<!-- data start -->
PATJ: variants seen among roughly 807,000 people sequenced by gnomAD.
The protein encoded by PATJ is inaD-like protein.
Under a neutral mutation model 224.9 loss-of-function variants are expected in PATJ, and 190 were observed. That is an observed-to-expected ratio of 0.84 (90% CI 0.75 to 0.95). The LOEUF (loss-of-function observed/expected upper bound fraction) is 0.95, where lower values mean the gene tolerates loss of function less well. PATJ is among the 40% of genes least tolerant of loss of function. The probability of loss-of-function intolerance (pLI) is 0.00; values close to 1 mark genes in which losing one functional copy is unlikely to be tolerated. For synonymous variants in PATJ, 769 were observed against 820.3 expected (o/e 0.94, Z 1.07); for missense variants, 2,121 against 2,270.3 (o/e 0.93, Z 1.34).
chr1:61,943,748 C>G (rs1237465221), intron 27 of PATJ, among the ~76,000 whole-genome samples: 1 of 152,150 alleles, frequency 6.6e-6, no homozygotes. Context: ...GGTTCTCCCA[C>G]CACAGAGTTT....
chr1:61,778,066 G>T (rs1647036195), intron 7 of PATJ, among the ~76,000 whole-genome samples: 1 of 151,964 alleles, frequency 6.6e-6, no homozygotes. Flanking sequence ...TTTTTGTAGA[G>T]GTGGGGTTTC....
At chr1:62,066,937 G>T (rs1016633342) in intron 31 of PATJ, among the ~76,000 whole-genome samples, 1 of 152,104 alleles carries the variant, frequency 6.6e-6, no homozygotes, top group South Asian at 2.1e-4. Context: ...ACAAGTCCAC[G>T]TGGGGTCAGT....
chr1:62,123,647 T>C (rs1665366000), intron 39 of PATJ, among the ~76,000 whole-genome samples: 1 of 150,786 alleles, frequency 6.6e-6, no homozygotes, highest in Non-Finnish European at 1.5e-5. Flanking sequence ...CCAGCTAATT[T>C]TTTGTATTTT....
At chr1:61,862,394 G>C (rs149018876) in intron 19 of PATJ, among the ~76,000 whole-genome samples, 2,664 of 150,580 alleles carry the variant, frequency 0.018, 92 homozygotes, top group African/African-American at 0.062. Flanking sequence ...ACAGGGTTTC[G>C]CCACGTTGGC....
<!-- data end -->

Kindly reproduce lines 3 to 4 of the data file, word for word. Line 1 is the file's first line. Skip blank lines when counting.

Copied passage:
Under a neutral mutation model 224.9 loss-of-function variants are expected in PATJ, and 190 were observed. That is an observed-to-expected ratio of 0.84 (90% CI 0.75 to 0.95). The LOEUF (loss-of-function observed/expected upper bound fraction) is 0.95, where lower values mean the gene tolerates loss of function less well. PATJ is among the 40% of genes least tolerant of loss of function. The probability of loss-of-function intolerance (pLI) is 0.00; values close to 1 mark genes in which losing one functional copy is unlikely to be tolerated. For synonymous variants in PATJ, 769 were observed against 820.3 expected (o/e 0.94, Z 1.07); for missense variants, 2,121 against 2,270.3 (o/e 0.93, Z 1.34).
chr1:61,943,748 C>G (rs1237465221), intron 27 of PATJ, among the ~76,000 whole-genome samples: 1 of 152,150 alleles, frequency 6.6e-6, no homozygotes. Context: ...GGTTCTCCCA[C>G]CACAGAGTTT....